5. Suzuki Ecstar 73

WHAT'S NEXT?

After racing over three straight weekends, the riders are not back in action until the first of a double-header at Misano on September 13.

Pol Espargaro will be hoping to convert a maiden MotoGP pole into a first race win at the Styrian Grand Prix. 

Red Bull KTM Factory Racing rider Espargaro was unable to hold on for a maiden victory in the premier class in an electrifying first race in Spielberg last weekend. 

There could be more drama in the offing with the title race blown wide open by news that reigning champion Marc Marquez will be out of commission for another two to three months. 

Espargaro will team up with Marquez at Repsol Honda next season, meaning the stage is set for the 29-year-old to show his future team exactly what he can do.

WHAT HAPPENED IN QUALIFYING

After claiming their first MotoGP win through Brad Binder at the Czech Republic Grand Prix, Austrian manufacturers KTM got their maiden pole in the premier class on their home circuit courtesy of Espargaro. 

Johann Zarco, who had scaphoid surgery on Wednesday, was third-quickest in Q2 but will start the race from the pitlane after being punished for "irresponsible riding" in his crash with Franco Morbidelli last week. 

Championship leader Fabio Quartararo was unable to extend his run of consecutive front-row starts to 12 and will begin from ninth, while Valentino Rossi was down in 14th after sliding out on his final lap in Q1.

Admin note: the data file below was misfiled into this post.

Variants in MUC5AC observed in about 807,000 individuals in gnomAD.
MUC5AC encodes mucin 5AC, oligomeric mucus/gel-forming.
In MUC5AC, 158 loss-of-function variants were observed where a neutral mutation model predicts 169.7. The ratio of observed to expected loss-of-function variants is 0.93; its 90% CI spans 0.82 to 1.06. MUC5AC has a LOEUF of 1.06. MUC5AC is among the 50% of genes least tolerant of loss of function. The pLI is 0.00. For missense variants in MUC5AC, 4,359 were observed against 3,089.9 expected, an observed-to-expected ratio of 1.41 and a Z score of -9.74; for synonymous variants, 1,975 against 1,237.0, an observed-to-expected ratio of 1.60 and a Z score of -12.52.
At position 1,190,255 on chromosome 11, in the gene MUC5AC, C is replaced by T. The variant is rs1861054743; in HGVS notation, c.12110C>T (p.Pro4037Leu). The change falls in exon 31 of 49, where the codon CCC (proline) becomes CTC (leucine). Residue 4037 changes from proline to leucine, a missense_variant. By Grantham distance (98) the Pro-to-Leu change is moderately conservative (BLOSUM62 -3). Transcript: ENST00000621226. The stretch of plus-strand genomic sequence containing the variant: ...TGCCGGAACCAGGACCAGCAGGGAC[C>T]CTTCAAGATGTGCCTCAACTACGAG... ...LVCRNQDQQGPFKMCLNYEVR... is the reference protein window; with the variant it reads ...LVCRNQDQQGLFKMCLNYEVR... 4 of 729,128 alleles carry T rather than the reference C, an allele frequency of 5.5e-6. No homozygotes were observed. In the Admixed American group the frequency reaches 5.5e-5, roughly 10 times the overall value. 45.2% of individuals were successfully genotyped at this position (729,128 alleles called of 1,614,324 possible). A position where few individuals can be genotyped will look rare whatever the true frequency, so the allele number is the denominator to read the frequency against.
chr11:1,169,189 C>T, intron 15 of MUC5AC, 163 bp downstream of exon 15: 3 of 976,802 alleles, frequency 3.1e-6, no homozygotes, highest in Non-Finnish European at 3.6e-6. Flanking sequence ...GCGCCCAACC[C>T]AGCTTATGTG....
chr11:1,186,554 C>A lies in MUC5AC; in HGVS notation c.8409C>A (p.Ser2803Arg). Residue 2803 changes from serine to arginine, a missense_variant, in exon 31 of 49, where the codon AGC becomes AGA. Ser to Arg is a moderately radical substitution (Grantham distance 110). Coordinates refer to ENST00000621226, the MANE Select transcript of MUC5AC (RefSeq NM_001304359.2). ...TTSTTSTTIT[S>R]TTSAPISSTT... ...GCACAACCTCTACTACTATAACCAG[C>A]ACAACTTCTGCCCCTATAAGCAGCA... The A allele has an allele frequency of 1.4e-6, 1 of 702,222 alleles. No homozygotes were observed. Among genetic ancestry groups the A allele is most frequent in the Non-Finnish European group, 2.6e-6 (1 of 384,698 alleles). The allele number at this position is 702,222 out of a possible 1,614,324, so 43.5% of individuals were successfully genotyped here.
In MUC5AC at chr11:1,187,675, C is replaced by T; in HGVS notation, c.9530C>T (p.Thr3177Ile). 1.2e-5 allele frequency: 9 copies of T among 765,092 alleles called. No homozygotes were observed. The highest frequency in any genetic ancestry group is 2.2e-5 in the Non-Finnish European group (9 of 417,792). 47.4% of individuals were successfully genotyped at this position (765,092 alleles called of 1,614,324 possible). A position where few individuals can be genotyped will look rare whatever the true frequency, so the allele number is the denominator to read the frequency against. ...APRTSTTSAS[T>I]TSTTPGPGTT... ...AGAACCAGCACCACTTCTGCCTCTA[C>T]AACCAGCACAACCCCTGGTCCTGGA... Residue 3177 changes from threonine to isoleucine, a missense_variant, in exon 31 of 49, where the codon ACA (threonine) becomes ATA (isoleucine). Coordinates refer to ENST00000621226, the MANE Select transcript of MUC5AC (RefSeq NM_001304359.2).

THE STARTING GRID

1. Pol Espargaro (Red Bull KTM Factory Racing), 2. Takaaki Nakagami (LCR Honda), 3. Joan Mir (Suzuki Ecstar)
4. Jack Miller (Pramac Racing), 5. Maverick Vinales (Monster Energy Yamaha), 6. Alex Rins (Suzuki Ecstar)
7. Miguel Oliveira (Red Bull KTM Tech 3), 8. Andrea Dovizioso (Ducati), 9. Fabio Quartararo (Petronas Yamaha)
10. Franco Morbidelli (Petronas Yamaha), 11. Danilo Petrucci (Ducati), 12. Iker Lecuona (Red Bull KTM Tech 3)
13. Brad Binder (Red Bull KTM Factory Racing), 14. Valentino Rossi (Monster Energy Yamaha), 15. Michele Pirro (Pramac Racing)
16. Alex Marquez (Repsol Honda), 17. Cal Crutchlow (LCR Honda), 18. Bradley Smith (Aprilia)
19. Aleix Espargaro (Aprilia), 20. Stefan Bradl (Repsol Honda), 21. Tito Rabat (Reale Avintia Racing)
22. Johann Zarco (Reale Avintia Racing)*
*Starting the race from the pitlane

STYRIAN GRAND PRIX TALKING POINTS

The extended spell out for Marquez means the race offers other contenders a chance to improve their place among the favourites to finish the season at the top of the standings. 

Espargaro led the Austrian Grand Prix at the restart after it was red flagged following Zarco's crash with Morbidelli, but tyre issues and a collision with Miguel Oliveira ended his hopes of victory. The KTM stablemates have continued to argue about where the blame for that incident sits, and it carried over to FP3 on Saturday.